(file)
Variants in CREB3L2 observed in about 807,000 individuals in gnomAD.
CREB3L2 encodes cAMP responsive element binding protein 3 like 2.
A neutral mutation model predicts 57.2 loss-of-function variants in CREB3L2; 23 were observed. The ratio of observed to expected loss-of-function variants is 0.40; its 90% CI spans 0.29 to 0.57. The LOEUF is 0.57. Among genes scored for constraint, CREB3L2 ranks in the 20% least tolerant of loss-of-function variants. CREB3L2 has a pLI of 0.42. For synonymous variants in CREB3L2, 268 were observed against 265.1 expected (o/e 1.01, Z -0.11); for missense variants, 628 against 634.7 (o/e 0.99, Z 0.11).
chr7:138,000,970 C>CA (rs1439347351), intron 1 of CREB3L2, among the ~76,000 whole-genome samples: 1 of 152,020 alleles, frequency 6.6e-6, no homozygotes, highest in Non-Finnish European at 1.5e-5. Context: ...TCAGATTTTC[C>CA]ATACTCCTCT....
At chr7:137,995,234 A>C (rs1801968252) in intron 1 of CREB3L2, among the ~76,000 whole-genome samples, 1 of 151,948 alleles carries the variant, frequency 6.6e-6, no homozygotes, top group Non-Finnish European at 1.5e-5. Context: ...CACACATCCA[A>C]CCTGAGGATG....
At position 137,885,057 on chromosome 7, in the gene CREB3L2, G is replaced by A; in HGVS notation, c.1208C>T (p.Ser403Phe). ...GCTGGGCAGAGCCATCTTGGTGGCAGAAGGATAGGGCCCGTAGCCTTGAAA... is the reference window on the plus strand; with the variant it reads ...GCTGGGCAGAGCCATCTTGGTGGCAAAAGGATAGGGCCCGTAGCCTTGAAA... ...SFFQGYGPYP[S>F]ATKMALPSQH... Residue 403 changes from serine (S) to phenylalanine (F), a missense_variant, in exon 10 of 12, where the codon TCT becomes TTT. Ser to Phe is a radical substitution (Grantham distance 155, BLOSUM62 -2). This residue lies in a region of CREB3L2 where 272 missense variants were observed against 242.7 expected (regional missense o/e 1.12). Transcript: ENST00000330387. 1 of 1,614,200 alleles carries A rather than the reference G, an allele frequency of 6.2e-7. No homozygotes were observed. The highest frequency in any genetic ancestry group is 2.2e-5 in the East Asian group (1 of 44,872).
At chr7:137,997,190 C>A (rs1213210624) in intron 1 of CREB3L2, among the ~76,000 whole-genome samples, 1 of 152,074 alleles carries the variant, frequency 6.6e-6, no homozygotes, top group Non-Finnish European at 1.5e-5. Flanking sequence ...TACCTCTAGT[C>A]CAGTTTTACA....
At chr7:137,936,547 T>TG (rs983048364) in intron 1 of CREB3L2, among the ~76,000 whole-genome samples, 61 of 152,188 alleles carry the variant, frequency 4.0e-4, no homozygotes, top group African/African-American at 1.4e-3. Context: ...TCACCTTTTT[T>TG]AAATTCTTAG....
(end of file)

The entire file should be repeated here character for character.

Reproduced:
Variants in CREB3L2 observed in about 807,000 individuals in gnomAD.
CREB3L2 encodes cAMP responsive element binding protein 3 like 2.
A neutral mutation model predicts 57.2 loss-of-function variants in CREB3L2; 23 were observed. The ratio of observed to expected loss-of-function variants is 0.40; its 90% CI spans 0.29 to 0.57. The LOEUF is 0.57. Among genes scored for constraint, CREB3L2 ranks in the 20% least tolerant of loss-of-function variants. CREB3L2 has a pLI of 0.42. For synonymous variants in CREB3L2, 268 were observed against 265.1 expected (o/e 1.01, Z -0.11); for missense variants, 628 against 634.7 (o/e 0.99, Z 0.11).
chr7:138,000,970 C>CA (rs1439347351), intron 1 of CREB3L2, among the ~76,000 whole-genome samples: 1 of 152,020 alleles, frequency 6.6e-6, no homozygotes, highest in Non-Finnish European at 1.5e-5. Context: ...TCAGATTTTC[C>CA]ATACTCCTCT....
At chr7:137,995,234 A>C (rs1801968252) in intron 1 of CREB3L2, among the ~76,000 whole-genome samples, 1 of 151,948 alleles carries the variant, frequency 6.6e-6, no homozygotes, top group Non-Finnish European at 1.5e-5. Context: ...CACACATCCA[A>C]CCTGAGGATG....
At position 137,885,057 on chromosome 7, in the gene CREB3L2, G is replaced by A; in HGVS notation, c.1208C>T (p.Ser403Phe). ...GCTGGGCAGAGCCATCTTGGTGGCAGAAGGATAGGGCCCGTAGCCTTGAAA... is the reference window on the plus strand; with the variant it reads ...GCTGGGCAGAGCCATCTTGGTGGCAAAAGGATAGGGCCCGTAGCCTTGAAA... ...SFFQGYGPYP[S>F]ATKMALPSQH... Residue 403 changes from serine (S) to phenylalanine (F), a missense_variant, in exon 10 of 12, where the codon TCT becomes TTT. Ser to Phe is a radical substitution (Grantham distance 155, BLOSUM62 -2). This residue lies in a region of CREB3L2 where 272 missense variants were observed against 242.7 expected (regional missense o/e 1.12). Transcript: ENST00000330387. 1 of 1,614,200 alleles carries A rather than the reference G, an allele frequency of 6.2e-7. No homozygotes were observed. The highest frequency in any genetic ancestry group is 2.2e-5 in the East Asian group (1 of 44,872).
At chr7:137,997,190 C>A (rs1213210624) in intron 1 of CREB3L2, among the ~76,000 whole-genome samples, 1 of 152,074 alleles carries the variant, frequency 6.6e-6, no homozygotes, top group Non-Finnish European at 1.5e-5. Flanking sequence ...TACCTCTAGT[C>A]CAGTTTTACA....
At chr7:137,936,547 T>TG (rs983048364) in intron 1 of CREB3L2, among the ~76,000 whole-genome samples, 61 of 152,188 alleles carry the variant, frequency 4.0e-4, no homozygotes, top group African/African-American at 1.4e-3. Context: ...TCACCTTTTT[T>TG]AAATTCTTAG....